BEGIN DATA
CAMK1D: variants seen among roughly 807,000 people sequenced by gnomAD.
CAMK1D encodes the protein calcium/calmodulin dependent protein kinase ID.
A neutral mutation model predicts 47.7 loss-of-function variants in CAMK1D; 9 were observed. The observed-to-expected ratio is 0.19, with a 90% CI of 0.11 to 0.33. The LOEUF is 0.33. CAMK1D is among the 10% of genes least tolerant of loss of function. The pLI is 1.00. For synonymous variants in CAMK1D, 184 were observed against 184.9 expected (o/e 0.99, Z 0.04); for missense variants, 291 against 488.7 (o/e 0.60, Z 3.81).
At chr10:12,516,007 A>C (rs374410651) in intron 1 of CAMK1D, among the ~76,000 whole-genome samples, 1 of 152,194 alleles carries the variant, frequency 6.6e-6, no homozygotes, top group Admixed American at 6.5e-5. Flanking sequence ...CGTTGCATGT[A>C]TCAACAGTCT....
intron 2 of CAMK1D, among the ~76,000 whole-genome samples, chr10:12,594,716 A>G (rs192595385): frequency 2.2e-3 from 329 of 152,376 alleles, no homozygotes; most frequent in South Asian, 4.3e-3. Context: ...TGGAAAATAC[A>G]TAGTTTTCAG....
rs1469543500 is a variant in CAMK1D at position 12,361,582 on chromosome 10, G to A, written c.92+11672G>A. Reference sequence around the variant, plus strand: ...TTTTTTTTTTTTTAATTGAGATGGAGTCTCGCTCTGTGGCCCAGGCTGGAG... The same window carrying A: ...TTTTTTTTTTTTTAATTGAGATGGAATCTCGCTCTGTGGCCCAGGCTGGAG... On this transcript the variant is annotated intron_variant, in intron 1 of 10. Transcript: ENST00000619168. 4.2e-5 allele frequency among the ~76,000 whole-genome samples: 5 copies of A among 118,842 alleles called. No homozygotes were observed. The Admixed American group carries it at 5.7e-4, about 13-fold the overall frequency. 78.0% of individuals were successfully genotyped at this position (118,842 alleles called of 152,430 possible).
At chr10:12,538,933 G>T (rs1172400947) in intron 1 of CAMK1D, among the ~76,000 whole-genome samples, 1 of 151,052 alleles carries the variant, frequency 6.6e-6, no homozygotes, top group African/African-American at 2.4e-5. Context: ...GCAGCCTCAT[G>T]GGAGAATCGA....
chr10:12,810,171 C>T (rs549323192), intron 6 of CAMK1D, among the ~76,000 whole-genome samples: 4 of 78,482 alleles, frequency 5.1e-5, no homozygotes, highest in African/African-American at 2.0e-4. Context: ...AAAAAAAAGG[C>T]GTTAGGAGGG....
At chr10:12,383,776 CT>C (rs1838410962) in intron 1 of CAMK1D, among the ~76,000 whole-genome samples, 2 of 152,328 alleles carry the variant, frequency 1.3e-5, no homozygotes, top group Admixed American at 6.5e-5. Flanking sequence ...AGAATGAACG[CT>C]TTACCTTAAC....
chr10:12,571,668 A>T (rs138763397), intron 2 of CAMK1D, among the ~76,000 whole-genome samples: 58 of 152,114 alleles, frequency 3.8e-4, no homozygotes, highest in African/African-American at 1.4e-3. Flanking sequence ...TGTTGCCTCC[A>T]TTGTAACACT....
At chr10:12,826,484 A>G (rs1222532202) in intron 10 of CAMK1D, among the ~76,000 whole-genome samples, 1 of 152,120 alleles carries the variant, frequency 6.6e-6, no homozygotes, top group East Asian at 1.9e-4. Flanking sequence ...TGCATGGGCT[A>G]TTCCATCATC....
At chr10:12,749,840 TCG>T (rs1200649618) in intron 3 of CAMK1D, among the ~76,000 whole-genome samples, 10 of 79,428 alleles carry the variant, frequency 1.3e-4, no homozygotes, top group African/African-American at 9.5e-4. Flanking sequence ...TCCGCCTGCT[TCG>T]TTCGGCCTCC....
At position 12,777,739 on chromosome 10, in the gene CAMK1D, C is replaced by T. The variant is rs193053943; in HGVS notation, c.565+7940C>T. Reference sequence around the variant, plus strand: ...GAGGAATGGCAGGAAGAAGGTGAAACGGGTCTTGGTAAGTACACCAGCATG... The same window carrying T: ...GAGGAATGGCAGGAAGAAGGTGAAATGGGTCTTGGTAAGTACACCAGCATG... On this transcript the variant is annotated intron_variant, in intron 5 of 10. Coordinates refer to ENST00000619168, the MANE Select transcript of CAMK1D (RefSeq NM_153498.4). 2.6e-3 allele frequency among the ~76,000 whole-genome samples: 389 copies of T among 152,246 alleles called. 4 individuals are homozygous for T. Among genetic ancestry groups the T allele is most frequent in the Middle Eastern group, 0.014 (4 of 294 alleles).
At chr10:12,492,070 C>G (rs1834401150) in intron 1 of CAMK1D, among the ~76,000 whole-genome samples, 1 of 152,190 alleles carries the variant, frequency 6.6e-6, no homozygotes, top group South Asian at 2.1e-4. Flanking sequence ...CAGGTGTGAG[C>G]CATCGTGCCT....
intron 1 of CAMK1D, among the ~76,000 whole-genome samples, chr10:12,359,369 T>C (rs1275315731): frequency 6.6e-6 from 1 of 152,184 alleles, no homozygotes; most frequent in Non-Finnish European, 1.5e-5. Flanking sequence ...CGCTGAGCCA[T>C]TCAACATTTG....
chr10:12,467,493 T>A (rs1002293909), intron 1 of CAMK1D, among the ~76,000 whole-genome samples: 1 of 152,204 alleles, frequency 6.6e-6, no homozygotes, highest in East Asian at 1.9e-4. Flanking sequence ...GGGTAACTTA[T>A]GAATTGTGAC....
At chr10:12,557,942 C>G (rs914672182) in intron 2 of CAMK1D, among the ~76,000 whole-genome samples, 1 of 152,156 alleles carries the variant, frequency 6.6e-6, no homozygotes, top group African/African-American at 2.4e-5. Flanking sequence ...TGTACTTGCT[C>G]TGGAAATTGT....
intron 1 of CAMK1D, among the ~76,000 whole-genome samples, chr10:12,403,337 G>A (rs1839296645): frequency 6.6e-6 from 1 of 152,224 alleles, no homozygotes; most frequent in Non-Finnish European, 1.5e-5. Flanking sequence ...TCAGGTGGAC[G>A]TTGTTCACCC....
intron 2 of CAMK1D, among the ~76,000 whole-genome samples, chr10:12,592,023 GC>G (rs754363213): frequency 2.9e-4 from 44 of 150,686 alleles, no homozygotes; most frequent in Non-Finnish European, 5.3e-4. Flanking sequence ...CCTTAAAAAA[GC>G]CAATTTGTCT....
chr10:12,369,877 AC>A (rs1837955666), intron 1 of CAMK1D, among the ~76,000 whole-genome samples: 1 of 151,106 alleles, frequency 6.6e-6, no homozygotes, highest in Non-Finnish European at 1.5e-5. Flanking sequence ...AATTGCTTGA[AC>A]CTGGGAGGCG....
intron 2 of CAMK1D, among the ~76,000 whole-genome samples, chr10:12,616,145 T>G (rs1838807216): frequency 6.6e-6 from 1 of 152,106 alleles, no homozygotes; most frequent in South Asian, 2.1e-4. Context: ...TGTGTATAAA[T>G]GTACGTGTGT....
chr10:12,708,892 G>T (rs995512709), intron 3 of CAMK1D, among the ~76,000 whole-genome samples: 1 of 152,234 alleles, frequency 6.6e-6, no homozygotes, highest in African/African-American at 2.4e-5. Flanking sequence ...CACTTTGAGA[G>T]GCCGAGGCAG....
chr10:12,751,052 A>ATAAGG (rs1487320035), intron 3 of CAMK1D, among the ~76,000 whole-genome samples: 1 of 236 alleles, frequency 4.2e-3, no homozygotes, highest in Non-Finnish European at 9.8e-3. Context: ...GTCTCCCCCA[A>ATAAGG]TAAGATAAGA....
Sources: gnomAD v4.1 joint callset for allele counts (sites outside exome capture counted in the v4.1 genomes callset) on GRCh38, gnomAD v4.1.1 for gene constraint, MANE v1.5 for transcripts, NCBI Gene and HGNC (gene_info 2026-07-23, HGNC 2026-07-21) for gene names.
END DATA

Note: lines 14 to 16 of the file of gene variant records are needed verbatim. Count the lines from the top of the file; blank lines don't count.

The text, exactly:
At chr10:12,492,070 C>G (rs1834401150) in intron 1 of CAMK1D, among the ~76,000 whole-genome samples, 1 of 152,190 alleles carries the variant, frequency 6.6e-6, no homozygotes, top group South Asian at 2.1e-4. Flanking sequence ...CAGGTGTGAG[C>G]CATCGTGCCT....
intron 1 of CAMK1D, among the ~76,000 whole-genome samples, chr10:12,359,369 T>C (rs1275315731): frequency 6.6e-6 from 1 of 152,184 alleles, no homozygotes; most frequent in Non-Finnish European, 1.5e-5. Flanking sequence ...CGCTGAGCCA[T>C]TCAACATTTG....
chr10:12,467,493 T>A (rs1002293909), intron 1 of CAMK1D, among the ~76,000 whole-genome samples: 1 of 152,204 alleles, frequency 6.6e-6, no homozygotes, highest in East Asian at 1.9e-4. Flanking sequence ...GGGTAACTTA[T>A]GAATTGTGAC....